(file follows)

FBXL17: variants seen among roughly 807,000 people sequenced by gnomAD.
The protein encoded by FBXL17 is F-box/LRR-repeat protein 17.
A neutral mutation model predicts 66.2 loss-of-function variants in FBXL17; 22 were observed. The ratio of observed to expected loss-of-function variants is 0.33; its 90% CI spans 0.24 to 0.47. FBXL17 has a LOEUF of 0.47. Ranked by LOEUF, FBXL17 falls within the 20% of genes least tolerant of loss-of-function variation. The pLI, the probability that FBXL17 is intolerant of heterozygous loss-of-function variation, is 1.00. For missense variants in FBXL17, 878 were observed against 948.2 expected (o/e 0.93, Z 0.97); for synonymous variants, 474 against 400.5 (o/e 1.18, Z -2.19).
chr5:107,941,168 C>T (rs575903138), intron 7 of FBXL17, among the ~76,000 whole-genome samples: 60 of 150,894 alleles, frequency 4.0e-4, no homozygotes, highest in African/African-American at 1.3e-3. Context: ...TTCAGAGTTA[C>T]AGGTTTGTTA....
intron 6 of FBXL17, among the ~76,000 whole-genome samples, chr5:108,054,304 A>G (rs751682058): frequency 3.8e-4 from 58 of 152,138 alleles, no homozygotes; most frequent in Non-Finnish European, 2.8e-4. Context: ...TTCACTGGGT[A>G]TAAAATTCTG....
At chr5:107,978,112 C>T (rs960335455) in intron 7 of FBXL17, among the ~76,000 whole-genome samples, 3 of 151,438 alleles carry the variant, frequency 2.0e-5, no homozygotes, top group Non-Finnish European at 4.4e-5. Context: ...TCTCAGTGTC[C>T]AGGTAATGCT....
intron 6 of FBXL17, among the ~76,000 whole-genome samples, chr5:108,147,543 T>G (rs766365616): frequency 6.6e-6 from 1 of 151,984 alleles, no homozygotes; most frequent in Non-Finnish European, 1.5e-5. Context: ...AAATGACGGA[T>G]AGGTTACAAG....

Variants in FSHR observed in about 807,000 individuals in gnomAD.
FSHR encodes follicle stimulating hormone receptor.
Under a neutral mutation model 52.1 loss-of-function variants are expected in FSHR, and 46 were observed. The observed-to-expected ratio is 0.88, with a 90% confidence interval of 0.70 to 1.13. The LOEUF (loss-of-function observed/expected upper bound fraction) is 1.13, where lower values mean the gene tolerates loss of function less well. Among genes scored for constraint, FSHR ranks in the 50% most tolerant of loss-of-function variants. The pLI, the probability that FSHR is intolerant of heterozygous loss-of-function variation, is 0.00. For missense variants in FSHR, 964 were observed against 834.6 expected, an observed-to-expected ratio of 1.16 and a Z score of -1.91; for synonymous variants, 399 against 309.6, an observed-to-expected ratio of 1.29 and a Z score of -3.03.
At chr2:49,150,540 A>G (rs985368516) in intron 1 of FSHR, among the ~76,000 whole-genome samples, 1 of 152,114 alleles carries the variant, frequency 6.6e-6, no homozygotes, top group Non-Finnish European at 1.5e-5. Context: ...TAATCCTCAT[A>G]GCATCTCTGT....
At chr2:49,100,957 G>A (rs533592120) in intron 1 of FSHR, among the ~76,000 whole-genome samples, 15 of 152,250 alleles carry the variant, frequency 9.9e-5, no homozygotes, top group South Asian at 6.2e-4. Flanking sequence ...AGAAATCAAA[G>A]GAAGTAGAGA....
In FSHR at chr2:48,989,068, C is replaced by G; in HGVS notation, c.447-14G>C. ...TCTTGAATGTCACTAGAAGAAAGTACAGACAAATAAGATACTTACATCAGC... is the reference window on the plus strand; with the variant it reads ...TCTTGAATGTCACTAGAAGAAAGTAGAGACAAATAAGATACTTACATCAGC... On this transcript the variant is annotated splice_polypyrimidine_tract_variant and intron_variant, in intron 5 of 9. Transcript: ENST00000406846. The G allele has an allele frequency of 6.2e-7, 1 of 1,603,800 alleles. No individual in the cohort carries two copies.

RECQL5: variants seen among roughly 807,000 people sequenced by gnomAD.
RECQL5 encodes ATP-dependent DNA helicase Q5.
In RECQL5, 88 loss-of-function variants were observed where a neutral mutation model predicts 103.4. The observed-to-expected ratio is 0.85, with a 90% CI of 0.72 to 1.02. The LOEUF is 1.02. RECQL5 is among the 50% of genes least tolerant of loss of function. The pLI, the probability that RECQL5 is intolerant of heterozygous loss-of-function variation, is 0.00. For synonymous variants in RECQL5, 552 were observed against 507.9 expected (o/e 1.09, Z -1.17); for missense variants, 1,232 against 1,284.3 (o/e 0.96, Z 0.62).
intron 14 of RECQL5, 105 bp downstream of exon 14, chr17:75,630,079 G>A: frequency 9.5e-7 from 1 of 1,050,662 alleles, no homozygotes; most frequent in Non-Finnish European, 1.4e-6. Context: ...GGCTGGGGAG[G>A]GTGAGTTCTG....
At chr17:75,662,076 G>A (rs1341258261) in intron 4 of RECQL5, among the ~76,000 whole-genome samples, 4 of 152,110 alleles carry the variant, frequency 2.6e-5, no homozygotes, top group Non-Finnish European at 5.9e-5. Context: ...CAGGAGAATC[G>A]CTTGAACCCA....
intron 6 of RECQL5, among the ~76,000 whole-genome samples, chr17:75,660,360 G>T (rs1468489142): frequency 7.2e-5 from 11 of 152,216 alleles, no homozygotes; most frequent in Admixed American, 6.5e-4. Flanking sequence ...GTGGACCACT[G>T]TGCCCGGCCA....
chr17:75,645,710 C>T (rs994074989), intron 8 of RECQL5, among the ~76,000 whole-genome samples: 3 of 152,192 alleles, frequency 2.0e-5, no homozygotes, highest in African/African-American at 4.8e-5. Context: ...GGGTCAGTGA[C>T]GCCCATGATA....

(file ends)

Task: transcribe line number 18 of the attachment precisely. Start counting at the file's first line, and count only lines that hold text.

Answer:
At chr17:75,662,076 G>A (rs1341258261) in intron 4 of RECQL5, among the ~76,000 whole-genome samples, 4 of 152,110 alleles carry the variant, frequency 2.6e-5, no homozygotes, top group Non-Finnish European at 5.9e-5. Context: ...CAGGAGAATC[G>A]CTTGAACCCA....